Antonio, the mason, laughed and remarked that the rooster would be married before Felipe. Felipe, unhappily single and with few prospects, always asks me the marital status of the women who come to visit. On occasion he gets all dolled up and declares that he’s going to town to find himself a mora (a berry, or in this context a woman). Antonio, his assistant Juan, and I couldn’t help ourselves and stood around joking about the rooster’s impending nuptials.
The hen arrived a few days later – a gift from Ismael Gonzalez, the son of a local rancher who as a hobby raises fighting cocks. She was the ugliest hen I’d ever seen. I pointed out to Felipe, “I think there’s something wrong with her. She’s lost all the feathers on her neck and bottom.”
I thought surely she had mange or some other horrible disease. Felipe gave no notice to her appearance and was, I believe, glowing with anticipation. He smiled broadly and, when questioned, explained that now that they were “married,” Enrique and his bride (she didn’t seem to warrant a name) could make babies. He would have a whole flock of chickens and could sell the eggs. Tony agreed with me, but being a man of few words, the extent of his commentary was “That’s one ugly chicken.“
When I ran into Ismael, the provider of the ugly hen, a couple of days later, I thanked him for his generosity and casually mentioned my concerns regarding the hen’s health. He laughed and assured me, “No, no. She’s fine. That’ss what the hens that make fighting cocks look like.” I thought, “Oh great, Felipe’s going to raise a bunch of fighting cocks and hideous hens. This should be interesting.”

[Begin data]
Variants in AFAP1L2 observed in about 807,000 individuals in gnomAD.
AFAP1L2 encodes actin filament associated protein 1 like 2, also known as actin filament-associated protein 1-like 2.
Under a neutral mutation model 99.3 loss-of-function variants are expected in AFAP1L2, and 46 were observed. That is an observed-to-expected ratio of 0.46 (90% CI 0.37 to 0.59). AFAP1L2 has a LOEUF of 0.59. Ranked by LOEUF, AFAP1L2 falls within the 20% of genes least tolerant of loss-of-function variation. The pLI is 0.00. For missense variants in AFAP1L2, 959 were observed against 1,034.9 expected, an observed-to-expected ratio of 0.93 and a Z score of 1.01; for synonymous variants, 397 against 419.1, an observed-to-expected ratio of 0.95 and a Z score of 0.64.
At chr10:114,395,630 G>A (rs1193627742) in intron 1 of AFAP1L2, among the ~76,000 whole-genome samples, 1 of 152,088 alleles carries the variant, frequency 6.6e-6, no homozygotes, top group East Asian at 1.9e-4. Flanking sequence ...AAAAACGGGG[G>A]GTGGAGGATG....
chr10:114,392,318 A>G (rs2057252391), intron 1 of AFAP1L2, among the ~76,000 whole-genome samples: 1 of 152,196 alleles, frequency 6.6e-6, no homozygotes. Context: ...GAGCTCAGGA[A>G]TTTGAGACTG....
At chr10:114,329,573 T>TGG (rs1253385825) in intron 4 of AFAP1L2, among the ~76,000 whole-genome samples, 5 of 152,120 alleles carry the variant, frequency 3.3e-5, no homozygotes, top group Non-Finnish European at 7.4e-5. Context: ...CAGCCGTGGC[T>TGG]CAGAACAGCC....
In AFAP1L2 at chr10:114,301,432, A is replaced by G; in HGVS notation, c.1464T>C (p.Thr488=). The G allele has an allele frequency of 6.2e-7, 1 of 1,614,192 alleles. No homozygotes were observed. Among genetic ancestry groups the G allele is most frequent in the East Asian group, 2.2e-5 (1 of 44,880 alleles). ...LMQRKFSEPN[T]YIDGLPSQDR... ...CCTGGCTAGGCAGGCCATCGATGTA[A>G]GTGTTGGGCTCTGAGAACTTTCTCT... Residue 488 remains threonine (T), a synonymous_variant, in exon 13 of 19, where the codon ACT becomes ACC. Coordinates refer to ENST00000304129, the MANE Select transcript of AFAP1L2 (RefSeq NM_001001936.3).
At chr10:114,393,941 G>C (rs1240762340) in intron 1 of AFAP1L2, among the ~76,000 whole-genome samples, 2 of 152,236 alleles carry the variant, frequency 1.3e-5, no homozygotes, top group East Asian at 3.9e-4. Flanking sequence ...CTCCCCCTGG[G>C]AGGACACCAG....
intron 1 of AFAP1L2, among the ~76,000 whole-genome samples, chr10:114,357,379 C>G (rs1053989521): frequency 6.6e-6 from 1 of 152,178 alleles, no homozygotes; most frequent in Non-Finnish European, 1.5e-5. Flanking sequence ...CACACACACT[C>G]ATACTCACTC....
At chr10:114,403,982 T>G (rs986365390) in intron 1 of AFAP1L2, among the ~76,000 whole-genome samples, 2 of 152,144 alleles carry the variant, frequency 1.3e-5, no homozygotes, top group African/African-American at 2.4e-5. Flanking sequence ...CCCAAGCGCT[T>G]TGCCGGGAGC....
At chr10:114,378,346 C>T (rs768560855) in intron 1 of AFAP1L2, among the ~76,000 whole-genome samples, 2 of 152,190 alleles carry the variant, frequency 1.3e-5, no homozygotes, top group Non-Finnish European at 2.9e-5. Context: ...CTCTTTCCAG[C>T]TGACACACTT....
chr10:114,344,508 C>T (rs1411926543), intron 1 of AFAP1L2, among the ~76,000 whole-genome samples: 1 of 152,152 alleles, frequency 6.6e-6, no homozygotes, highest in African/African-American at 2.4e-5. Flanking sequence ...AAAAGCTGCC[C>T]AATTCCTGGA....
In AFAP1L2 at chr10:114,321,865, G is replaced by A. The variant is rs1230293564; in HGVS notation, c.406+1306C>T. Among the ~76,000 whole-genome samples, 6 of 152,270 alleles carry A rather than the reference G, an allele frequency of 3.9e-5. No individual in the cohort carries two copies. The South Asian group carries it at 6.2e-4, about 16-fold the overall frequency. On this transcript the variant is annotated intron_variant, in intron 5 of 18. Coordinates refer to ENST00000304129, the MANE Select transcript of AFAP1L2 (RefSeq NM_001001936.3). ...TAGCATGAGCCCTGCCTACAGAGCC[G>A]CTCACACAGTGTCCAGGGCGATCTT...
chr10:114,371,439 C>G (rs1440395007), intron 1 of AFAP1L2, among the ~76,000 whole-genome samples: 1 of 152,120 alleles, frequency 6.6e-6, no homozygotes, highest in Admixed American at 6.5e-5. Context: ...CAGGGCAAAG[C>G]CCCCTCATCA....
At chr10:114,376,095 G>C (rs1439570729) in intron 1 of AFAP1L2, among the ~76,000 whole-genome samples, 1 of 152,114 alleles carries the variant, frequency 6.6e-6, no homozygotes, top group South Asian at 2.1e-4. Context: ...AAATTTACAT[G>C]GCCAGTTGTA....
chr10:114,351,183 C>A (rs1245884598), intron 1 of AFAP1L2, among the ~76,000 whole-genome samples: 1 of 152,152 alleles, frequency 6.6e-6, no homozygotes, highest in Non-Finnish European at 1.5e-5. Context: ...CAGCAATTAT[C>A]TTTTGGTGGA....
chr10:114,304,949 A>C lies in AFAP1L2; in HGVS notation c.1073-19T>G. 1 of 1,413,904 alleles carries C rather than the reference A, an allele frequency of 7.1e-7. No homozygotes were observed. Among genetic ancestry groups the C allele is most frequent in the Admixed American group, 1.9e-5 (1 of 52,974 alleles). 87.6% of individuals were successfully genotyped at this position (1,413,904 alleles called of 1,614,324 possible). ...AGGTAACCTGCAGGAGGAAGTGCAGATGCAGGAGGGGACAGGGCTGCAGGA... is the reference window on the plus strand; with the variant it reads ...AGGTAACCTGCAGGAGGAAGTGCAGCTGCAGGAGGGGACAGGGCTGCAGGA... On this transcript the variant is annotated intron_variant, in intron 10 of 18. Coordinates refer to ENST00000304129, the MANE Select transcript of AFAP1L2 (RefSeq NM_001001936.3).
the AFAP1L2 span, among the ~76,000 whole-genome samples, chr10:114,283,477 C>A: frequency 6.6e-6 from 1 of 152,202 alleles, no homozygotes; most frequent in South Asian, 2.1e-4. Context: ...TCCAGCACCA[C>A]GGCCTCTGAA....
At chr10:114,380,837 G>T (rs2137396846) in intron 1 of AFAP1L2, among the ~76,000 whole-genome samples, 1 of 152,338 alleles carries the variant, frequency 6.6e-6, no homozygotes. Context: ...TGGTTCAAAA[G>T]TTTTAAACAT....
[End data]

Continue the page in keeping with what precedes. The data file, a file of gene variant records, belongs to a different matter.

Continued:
In fact, I didn’t have to wait long before things got interesting.
First Felipe informed me that the hen didn’t want to have anything to do with Enrique. Based on what I’d seen of the hen, I imagined the feeling was mutual. Felipe assured me that Enrique was doing his best to woo his bride. A day or two later, however, Felipe turned up at my door, grasping his forearm. A trickle of blood escaped from under his hand. “What happened?” I asked him as I cleaned the deep wound and bandaged his arm. “Enrique attacked me,” he said, a note of disbelief and hurt in his voice.
A few days later, Felipe was back at my door again. It was his hand that needed bandaging this time, but the cause was the same. As I cleaned his wound, Felipe wondered out loud what had gotten into Enrique. I thought for a moment. “Felipe,” I said, “I think the hen is your problem. Enrique is jealous.” His eyes grew round, but he said not a word.
Felipe didn’t appear at my door again seeking medical attention, so I figured he’d adapted to his rooster’s increasing aggression and learned to stay clear of him when the hen was about. In time, however, I noticed something amiss, or rather, missing – the hen was gone. Enrique got a divorce and Felipe finally had his caldo.